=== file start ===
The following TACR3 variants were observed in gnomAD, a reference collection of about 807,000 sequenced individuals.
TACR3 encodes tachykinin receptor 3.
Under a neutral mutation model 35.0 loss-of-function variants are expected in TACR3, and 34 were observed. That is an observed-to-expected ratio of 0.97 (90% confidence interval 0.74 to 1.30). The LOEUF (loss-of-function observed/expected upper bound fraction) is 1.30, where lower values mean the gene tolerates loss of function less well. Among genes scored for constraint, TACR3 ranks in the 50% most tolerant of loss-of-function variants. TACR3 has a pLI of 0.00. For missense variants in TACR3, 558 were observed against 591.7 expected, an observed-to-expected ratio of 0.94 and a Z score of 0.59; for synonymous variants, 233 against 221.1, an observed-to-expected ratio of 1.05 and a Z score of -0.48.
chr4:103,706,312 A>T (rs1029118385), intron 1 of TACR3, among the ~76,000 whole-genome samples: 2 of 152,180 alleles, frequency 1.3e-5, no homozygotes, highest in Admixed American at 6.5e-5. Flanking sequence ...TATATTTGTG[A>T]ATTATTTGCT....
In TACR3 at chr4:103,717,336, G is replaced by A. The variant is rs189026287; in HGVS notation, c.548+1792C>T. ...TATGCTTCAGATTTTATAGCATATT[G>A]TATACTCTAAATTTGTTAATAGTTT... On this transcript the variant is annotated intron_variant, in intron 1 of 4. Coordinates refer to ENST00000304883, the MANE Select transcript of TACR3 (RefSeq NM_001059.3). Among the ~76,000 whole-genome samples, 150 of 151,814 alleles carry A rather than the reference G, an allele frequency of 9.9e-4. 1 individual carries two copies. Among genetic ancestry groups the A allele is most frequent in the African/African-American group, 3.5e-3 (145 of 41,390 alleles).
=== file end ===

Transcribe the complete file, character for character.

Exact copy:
The following TACR3 variants were observed in gnomAD, a reference collection of about 807,000 sequenced individuals.
TACR3 encodes tachykinin receptor 3.
Under a neutral mutation model 35.0 loss-of-function variants are expected in TACR3, and 34 were observed. That is an observed-to-expected ratio of 0.97 (90% confidence interval 0.74 to 1.30). The LOEUF (loss-of-function observed/expected upper bound fraction) is 1.30, where lower values mean the gene tolerates loss of function less well. Among genes scored for constraint, TACR3 ranks in the 50% most tolerant of loss-of-function variants. TACR3 has a pLI of 0.00. For missense variants in TACR3, 558 were observed against 591.7 expected, an observed-to-expected ratio of 0.94 and a Z score of 0.59; for synonymous variants, 233 against 221.1, an observed-to-expected ratio of 1.05 and a Z score of -0.48.
chr4:103,706,312 A>T (rs1029118385), intron 1 of TACR3, among the ~76,000 whole-genome samples: 2 of 152,180 alleles, frequency 1.3e-5, no homozygotes, highest in Admixed American at 6.5e-5. Flanking sequence ...TATATTTGTG[A>T]ATTATTTGCT....
In TACR3 at chr4:103,717,336, G is replaced by A. The variant is rs189026287; in HGVS notation, c.548+1792C>T. ...TATGCTTCAGATTTTATAGCATATT[G>A]TATACTCTAAATTTGTTAATAGTTT... On this transcript the variant is annotated intron_variant, in intron 1 of 4. Coordinates refer to ENST00000304883, the MANE Select transcript of TACR3 (RefSeq NM_001059.3). Among the ~76,000 whole-genome samples, 150 of 151,814 alleles carry A rather than the reference G, an allele frequency of 9.9e-4. 1 individual carries two copies. Among genetic ancestry groups the A allele is most frequent in the African/African-American group, 3.5e-3 (145 of 41,390 alleles).